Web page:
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Last year, we celebrated Earth Day with the launch of our Discontinued Stock, where anyone can get past-season items for lower prices than current-season items. It was a huge hit, and we've kept it going, because perfectly usable products should be in the hands of people who will use it, not landfills.

This year, I'd like to take a moment to unpack what I really think about sustainability and what it means to take care of Planet Earth.

At its literal core, "sustainability" is about being able to exist in the long term. We talk about sustainability in the context of saving our planet, but it's far more complex than that. When it comes to apparel, I want to encourage you to think about sustainability in the context of wearability, design, and the brand itself.

Wearability: how often do you wear each item you own?

I’ve written before about how I try to make Alpine Parrot cost less than $1 per wear. When clothing is cheap (as in low-cost), you expect to get to $1 per wear pretty quickly. When it’s expensive (as in high-cost), you expect it to take a little longer to reach that $1. 

You need to want to wear your clothes a LOT to bring the cost per wear down. That means the materials need to last, but also that the garment makes you feel good whenever you wear it. Your clothes should make you feel cute, comfortable, powerful… and if they don’t you simply won’t wear it.

The best, most sustainable clothing gets worn until they’re in tatters.

Design: how was the garment made?

Your clothes are more than just the fabric they’re made out of. There are all the trims (like buttons, zippers, etc), sure, but more importantly, it’s how everything is put together to make the finished product. 

A poorly constructed garment won’t hold up to regular use or is hard to repair. A garment that uses multiple types of fabric requires more fabric overall in order to hit minimum order quantities, which often results in either more finished inventory or more excess raw materials - both of which result in waste if they’re not purchased and used. 

The fabric also plays a part, of course. But it’s important to point out that brands that use recycled polyester to make clothing only to send the unsold items to landfills are no more sustainable than brands that use pure polyester to do the same thing. 

At Alpine Parrot, we put a LOT of thought into every garment we make. We’re always thinking about how to make our clothes last as long as possible, and we try to be smart about minimizing the fabric and trims we use to cut down on waste. Fun fact: the buttons on the Ponderosa Pants, Bristlecone Flannel, and Arroyo Sun Hoodie are all the same, specifically so that we could minimize the amount of varied products we needed to purchase for our line.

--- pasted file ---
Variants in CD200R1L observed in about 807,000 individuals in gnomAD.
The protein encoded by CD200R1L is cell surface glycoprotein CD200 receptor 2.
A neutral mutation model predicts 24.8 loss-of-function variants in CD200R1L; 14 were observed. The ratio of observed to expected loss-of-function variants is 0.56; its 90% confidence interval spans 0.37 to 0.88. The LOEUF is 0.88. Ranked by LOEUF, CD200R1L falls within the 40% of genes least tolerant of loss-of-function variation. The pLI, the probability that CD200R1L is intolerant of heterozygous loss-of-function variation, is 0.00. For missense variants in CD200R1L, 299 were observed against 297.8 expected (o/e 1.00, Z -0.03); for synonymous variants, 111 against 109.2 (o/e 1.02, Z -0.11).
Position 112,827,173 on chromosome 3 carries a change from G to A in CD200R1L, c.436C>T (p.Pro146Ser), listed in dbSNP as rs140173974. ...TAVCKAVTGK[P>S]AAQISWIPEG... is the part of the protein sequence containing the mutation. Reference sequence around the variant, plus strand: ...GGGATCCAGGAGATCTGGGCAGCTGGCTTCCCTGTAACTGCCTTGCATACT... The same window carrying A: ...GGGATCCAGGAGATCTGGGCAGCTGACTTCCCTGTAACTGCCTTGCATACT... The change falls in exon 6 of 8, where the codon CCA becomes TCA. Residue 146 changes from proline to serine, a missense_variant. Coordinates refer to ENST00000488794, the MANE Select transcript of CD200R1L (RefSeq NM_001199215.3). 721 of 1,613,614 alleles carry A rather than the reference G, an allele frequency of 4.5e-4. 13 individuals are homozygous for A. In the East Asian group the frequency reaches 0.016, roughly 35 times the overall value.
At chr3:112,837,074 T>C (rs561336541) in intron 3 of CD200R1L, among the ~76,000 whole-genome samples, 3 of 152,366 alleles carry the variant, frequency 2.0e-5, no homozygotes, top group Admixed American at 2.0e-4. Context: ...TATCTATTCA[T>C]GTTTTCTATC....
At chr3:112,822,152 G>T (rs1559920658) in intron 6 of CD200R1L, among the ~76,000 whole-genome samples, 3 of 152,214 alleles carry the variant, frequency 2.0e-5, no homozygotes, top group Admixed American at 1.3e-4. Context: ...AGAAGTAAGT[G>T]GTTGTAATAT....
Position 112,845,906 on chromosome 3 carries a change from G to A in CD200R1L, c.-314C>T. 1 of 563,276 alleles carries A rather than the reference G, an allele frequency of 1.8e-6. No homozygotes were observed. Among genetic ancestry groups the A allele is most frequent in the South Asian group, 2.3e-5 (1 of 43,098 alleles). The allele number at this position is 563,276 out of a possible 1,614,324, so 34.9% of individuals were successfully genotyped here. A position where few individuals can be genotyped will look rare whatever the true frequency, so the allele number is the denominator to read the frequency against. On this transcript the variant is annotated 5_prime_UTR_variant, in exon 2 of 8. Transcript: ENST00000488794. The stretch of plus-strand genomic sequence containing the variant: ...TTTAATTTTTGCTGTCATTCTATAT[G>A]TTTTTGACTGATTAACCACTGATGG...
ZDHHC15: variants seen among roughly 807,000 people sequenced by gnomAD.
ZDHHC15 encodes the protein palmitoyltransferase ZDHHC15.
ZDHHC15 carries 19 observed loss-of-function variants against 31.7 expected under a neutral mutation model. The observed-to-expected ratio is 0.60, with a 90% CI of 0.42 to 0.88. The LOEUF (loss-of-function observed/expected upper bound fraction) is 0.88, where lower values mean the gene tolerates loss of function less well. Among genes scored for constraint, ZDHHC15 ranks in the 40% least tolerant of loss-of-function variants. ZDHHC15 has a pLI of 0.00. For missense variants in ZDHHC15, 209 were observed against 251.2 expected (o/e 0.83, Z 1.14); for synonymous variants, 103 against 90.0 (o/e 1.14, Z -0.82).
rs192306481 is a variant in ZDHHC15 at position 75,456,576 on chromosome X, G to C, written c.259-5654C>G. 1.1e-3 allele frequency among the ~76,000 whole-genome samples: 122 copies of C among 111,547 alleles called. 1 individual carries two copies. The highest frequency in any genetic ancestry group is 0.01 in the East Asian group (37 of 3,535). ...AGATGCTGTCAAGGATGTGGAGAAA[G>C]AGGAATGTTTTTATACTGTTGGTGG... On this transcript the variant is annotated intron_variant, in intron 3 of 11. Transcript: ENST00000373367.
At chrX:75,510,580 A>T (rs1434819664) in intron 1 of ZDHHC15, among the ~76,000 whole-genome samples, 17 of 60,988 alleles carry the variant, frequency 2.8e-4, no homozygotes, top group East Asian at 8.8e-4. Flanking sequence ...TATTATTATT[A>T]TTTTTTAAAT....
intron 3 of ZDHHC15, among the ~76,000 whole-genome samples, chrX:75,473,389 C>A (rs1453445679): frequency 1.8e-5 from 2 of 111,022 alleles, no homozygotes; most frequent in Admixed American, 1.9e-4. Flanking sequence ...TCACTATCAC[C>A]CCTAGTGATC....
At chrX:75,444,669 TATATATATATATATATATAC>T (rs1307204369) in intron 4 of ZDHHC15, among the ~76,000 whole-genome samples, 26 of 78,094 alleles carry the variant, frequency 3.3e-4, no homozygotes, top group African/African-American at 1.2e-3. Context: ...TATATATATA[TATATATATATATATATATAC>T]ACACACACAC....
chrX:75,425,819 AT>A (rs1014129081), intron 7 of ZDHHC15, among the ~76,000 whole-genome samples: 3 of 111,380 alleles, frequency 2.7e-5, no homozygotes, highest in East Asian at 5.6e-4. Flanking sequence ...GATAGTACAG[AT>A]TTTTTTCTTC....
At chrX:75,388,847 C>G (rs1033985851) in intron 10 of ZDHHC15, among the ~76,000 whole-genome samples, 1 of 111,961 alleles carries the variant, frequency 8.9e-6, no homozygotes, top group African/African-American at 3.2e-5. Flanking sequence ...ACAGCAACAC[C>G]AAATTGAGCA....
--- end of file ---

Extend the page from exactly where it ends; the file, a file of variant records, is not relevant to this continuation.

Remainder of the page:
Brands: are they worth keeping around?

Knowing how much to make so that a brand can sell through as much of their inventory as possible is a complicated process - no one ever gets it 100% right, but the ones that care about sustainability are making strategic decisions that minimize overproduction and maximize customer happiness.

Brands can’t survive without customers, and customers need brands to make things that are worth buying. This symbiotic relationship is its own ecosystem that falls apart when one of the two sides stops participating in the cycle - for better or worse.

Remember: you vote with your dollars. When you buy a product from a brand, you’re telling that brand that you want them to stick around. Alternatively, brands that aren’t able to sell more expensive but sustainable products ultimately come to the conclusion that customers aren’t all that interested in sustainability in the first place. 

Summing it all up

At Alpine Parrot, we think about sustainability as doing our best to enable you to wear our gear for a long time before letting it go. We design our clothes so that they're easy to clean, relatively easy to repair, and easy to wear in multiple different situations. 

In turn, we hope that you like what we're doing enough to continue to buy clothes from us and tell others about what we're up to, so that we can stick around for a while.

I’d love to know: what’s your absolute favorite piece of clothing that you’re still wearing, even though it’s wearing out??